Whittelsey's reporting on CAFO's (Confined Animal Feeding Operations) is absolutely correct. I would like to point out that there is a very viable alternative to these atrocities, and it is simply to raise animals as nature intended, on pasture. There is a growing movement, mostly among small livestock farmers, to raise their animals on grass. Grass-fed beef in particular is in great demand for its health benefits (higher Omega 3 and CLA content) as well as its inherent and significant environmental and animal welfare advantages. Furthermore, and fundamentally, ruminant animals such as cattle are not physiologically designed to eat corn--period, much less all the other junk stuffed into them in feedlots.
With regard to climate change/global warming, a well-managed grass-based cattle operation can be carbon nuetral or even carbon negative due to the significant carbon sequestration inherent in the respiration of plants--they "breathe in" carbon dioxide and "breathe out" oxygen. Further, grass-based systems use far less gasoline or diesel fuel than conventional farming practices, including CAFO's, and organic grass-based systems use no synthetic (petroleum based) fertilizers, herbicides or pesticides.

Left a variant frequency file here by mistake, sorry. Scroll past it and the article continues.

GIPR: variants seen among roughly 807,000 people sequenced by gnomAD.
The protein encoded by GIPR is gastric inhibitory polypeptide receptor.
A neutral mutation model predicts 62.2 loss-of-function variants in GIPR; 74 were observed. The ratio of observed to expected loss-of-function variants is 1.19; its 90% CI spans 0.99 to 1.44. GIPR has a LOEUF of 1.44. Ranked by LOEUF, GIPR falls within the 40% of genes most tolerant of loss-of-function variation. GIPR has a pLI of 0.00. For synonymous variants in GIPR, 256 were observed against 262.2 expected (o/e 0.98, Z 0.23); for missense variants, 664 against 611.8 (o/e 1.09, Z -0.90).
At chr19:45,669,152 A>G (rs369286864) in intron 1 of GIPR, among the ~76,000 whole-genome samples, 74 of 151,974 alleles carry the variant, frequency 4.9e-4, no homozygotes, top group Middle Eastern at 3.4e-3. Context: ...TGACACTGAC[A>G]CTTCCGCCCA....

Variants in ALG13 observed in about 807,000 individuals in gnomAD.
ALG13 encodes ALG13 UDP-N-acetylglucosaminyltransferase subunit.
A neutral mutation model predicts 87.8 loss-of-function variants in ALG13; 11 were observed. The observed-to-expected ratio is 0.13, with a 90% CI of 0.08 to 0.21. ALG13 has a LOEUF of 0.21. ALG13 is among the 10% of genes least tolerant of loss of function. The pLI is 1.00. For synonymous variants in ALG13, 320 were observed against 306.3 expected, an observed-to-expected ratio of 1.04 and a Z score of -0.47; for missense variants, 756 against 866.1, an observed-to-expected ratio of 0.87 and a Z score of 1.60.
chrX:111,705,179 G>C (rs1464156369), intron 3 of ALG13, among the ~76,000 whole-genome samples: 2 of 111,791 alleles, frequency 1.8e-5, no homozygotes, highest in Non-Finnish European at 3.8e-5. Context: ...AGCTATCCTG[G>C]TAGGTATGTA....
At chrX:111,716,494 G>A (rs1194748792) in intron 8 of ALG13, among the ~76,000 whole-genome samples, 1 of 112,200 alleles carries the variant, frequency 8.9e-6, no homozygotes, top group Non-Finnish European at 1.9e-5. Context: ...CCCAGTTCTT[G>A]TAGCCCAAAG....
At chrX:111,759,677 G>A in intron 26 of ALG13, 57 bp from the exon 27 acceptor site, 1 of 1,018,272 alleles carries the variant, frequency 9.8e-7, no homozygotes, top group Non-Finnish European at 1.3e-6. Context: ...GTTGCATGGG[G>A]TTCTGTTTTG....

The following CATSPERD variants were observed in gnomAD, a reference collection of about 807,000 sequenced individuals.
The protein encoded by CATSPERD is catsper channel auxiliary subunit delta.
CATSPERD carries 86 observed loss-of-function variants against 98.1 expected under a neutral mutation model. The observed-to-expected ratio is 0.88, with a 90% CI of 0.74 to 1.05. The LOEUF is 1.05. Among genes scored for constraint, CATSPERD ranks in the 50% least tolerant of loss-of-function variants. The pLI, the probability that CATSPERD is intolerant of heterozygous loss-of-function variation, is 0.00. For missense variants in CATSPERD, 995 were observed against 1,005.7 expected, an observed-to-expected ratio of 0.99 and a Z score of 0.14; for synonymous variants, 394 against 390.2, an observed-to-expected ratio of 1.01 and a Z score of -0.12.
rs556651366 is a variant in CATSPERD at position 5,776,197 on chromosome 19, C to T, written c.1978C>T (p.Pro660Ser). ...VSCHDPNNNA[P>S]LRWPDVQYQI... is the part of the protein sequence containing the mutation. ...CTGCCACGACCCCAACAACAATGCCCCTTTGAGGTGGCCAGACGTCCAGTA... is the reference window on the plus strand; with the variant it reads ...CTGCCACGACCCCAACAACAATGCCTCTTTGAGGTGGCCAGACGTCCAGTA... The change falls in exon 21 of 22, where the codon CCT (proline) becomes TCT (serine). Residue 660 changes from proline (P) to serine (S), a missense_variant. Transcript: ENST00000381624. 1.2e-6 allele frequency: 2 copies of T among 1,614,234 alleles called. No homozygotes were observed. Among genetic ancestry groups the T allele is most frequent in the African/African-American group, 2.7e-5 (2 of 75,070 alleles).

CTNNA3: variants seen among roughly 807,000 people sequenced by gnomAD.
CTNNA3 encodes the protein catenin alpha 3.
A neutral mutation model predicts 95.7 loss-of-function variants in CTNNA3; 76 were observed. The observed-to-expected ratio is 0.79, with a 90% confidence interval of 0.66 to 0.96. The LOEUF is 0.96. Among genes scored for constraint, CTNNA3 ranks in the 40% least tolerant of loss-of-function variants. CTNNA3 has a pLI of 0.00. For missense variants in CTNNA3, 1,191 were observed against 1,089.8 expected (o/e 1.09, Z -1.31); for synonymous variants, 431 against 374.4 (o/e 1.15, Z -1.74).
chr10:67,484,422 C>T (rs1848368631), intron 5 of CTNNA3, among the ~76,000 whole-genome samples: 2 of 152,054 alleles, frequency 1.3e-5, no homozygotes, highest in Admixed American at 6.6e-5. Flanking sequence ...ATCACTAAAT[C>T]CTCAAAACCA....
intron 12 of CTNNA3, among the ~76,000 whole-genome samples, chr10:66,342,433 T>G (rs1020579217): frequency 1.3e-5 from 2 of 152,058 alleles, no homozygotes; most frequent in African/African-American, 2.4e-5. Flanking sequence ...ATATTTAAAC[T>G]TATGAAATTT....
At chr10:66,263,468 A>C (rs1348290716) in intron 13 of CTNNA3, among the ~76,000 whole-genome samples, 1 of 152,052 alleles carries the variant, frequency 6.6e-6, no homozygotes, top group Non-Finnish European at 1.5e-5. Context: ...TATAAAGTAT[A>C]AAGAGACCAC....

Discussing the horrors of cattle raising in this country, Whittelsey appropriately writes, "the fact is all but a lucky few spend much of their lives in dismal feedlots where grass does not grow, getting fat on corn and other unspeakable byproducts." Those "lucky few" are those fortunate enough to be raised in grass-based systems.
I submit there is a perfect, natural way to have both burgers and biofuels. It is grass-based livestock production systems, especially organic ones, obviating the gnashing of teeth over both oil and "king corn." There are tens of millions if not billions of under-utilized grassland acres in this country. The cost of bringing these acres back into livestock production is minimal compared to what is spent just in government subsidies (taxpayer dollars) to grain farmers. The health, environmental and animal welfare benefits of these systems are priceless.
Cincinnatus, New York, USA
Aug 9 2008 - 9:10pm